Dr. Gary Small is a professor of psychiatry at the UCLA Semel Institute where he directs the Memory and Aging Research Center and the UCLA Center on Aging. Dr. Small invented the first brain scan that allows doctors to see the physical evidence of brain aging and Alzheimer’s disease in living people. He now leads a team of neuroscientists who are demonstrating that exposure to computer technology causes rapid and profound changes in brain neural circuitry. A leading experts on brain science, he has been named by Scientific American magazine as one of the world’s top innovators in science and technology.
Question: What happens to the mind when we get used to paying partial attention?
Gary Small: We all know we multitask. I mean this is a common part of everyday life and you know I like to drink my coffee in the morning and read the newspaper, so that’s a form of multitasking. Now of course I don’t do that when I’m driving because that is dangerous, so we know of many dangers of multitasking. We know that middle-age people who multitask don’t do as well as people who are focusing on one task and we also know that young people who multitask, they can complete the task more rapidly, but they make more errors, so we’re becoming faster, but sloppier when we multitask, but there is another mental process related to multitasking that’s often called partial continuous attention. Here we’re not just doing two or three tasks at the same time, we’re scanning the environment for new information at any point and this is a process that I think is becoming very popular now that we have all these new electronic communication gadgets, cell phones, PDAs, computers, the internet, so many people are at their workstation or at home in bed because we don’t have much demarcation these days between leisure life and work life, and they may be having a conversation on the phone or with someone next to them and they’re waiting for a little ding or a little sound or a new message that might be more interesting and exciting than whatever mental activity they’re engaged in at that time. Now there's dangers to that I think. Certainly there are social dangers. You can certainly insult someone if you answer your cell phone in the middle of a conversation, but I think it also may be a state of heightened mental stress because we’re constantly scanning the environment and we know from other studies that chronic stress is not good for the brain. In fact, laboratory animals under stress have smaller memory cells in the hippocampus. Human volunteers injected with stress hormones like cortisol have temporary impairment in learning and recall, so I think partial continuous attention it’s hard to resist, probably our dopamine circuits that are involved in reward systems drive it because we want that exciting new bit of information, but we have to be aware of it and try to manage it better.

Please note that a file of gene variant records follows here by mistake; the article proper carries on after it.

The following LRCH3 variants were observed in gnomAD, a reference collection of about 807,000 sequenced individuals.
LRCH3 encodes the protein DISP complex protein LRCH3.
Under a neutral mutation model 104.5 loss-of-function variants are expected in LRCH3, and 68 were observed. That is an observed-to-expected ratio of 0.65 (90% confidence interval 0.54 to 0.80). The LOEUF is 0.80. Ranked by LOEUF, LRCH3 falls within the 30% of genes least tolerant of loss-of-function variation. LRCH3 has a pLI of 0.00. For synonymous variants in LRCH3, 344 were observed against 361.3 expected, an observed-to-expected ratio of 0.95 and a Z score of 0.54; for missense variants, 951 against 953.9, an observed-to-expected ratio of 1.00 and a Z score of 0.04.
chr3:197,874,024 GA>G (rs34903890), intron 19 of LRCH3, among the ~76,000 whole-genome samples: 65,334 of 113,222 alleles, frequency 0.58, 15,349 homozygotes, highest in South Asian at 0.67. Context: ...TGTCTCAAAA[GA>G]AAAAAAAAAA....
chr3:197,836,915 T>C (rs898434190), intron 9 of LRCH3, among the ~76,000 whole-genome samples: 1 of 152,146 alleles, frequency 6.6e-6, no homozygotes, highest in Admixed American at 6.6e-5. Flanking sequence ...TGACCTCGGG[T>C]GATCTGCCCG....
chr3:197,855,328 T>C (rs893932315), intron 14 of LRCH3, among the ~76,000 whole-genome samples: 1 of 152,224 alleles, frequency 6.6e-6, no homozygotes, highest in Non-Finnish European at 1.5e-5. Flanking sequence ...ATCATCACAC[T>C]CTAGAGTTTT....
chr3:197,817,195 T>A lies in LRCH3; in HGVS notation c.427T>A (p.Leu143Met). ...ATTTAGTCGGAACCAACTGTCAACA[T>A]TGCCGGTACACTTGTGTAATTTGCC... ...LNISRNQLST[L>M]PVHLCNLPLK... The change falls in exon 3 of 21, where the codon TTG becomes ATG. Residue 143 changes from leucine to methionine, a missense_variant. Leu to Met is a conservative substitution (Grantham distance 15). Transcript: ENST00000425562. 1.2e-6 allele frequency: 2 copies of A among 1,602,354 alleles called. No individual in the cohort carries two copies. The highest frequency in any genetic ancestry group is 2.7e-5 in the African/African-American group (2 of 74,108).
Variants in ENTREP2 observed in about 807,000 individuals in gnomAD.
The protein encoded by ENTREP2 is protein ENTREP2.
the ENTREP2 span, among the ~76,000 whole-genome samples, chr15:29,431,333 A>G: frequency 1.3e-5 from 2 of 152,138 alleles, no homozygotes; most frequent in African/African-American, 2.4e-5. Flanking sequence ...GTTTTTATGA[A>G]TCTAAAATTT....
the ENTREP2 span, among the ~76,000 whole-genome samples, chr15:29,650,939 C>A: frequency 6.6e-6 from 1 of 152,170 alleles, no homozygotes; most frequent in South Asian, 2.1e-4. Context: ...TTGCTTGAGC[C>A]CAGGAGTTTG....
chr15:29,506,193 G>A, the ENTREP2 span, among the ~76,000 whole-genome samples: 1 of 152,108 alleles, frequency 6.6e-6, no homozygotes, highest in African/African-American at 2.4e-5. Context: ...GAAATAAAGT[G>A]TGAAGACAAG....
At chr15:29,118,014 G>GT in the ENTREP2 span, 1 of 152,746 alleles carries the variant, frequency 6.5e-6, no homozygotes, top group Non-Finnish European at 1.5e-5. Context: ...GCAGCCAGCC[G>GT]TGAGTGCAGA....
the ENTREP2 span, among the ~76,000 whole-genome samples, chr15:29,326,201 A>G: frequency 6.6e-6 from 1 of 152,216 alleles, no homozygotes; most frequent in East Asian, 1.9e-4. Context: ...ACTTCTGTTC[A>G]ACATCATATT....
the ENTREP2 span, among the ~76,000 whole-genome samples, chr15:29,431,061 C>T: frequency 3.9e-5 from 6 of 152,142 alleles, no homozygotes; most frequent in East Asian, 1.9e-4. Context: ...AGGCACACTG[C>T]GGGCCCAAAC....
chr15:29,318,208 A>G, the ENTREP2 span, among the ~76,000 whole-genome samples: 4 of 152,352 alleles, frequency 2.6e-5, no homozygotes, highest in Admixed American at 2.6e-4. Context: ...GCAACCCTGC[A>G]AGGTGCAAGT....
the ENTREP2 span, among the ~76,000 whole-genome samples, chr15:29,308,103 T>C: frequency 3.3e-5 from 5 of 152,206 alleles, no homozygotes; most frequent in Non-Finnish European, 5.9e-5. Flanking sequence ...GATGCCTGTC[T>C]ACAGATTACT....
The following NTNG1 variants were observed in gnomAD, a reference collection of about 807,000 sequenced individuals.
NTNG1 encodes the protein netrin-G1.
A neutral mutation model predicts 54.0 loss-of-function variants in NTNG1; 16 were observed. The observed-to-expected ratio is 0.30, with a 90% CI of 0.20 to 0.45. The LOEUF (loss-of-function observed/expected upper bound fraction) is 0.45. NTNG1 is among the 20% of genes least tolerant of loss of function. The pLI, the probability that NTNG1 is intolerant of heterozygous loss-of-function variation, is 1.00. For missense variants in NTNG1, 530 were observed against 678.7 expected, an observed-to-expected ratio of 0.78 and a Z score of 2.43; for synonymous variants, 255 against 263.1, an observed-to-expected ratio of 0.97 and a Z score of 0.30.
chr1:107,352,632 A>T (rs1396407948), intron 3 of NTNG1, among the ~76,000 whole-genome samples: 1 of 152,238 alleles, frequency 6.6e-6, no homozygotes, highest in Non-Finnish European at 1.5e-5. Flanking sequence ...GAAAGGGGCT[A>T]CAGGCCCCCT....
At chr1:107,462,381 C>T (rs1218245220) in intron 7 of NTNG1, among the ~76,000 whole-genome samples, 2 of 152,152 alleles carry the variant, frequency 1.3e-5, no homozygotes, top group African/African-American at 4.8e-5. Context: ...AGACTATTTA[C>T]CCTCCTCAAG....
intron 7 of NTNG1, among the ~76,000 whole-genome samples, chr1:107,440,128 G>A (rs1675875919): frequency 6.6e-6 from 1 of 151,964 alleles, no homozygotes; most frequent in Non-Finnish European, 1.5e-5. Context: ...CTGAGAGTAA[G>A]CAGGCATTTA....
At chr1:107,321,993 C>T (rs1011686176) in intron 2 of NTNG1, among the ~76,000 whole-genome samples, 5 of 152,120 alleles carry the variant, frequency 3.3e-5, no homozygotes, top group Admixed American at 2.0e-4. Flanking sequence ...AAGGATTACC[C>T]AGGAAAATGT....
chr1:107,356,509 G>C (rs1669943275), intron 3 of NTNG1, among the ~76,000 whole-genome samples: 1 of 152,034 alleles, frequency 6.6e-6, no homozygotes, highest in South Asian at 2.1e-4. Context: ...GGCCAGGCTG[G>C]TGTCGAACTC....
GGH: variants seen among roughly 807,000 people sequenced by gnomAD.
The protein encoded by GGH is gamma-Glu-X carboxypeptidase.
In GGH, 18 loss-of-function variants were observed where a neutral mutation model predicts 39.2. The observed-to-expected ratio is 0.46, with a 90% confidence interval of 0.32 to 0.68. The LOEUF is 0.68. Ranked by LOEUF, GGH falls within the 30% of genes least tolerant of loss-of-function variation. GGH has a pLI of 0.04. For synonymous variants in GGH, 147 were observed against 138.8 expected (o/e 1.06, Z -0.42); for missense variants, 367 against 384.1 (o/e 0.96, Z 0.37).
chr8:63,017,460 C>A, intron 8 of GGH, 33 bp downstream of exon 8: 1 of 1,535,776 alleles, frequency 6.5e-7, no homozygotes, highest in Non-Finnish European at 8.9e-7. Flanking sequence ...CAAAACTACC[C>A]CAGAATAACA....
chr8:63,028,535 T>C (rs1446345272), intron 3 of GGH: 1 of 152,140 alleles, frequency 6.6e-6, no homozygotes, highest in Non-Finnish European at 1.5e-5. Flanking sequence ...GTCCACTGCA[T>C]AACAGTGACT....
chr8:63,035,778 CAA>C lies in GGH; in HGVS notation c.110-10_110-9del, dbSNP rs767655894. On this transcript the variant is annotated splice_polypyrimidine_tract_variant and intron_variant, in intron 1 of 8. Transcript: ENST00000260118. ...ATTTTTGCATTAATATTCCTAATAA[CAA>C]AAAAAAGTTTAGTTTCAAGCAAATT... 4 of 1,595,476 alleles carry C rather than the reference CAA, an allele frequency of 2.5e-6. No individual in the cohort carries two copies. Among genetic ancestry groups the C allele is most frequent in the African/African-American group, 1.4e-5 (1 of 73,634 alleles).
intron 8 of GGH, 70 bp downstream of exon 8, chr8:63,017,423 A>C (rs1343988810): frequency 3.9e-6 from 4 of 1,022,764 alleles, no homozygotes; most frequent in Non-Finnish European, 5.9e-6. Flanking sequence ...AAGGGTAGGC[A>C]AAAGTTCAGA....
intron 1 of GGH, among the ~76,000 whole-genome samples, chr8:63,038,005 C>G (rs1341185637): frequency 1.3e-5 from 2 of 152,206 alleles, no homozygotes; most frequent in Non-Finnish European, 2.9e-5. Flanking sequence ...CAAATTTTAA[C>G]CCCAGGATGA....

Question: How can we counteract the effects of partial continuous attention?
Gary Small: I think the first step to managing partial continuous attention, or PCA if you want to give it an acronym, is to be aware of it and to certainly be aware of how it affects our face-to-face communication skills, how it can affect somebody personally. Not long ago I said to my teenage daughter, “You know, Rachel, when I’m talking to you and you’re texting at the same time I just don’t get the sense that you’re paying attention to my conversation.” So she looked up at me and said, “Don’t worry Dad, I don’t do this with my teachers.” And then looked right down and continued her texting. Now I can laugh about that, and she is an adolescent and it’s a different culture to some extent. It’s tolerated more in their age group, but I think there are still social gaffes that people get into as a result of partial continuous attention. I think another thing that’s important to do is to take breaks from the computer and if we’re having a face-to-face meeting maybe turn off some of the gadgets and not be tempted to be distracted by them.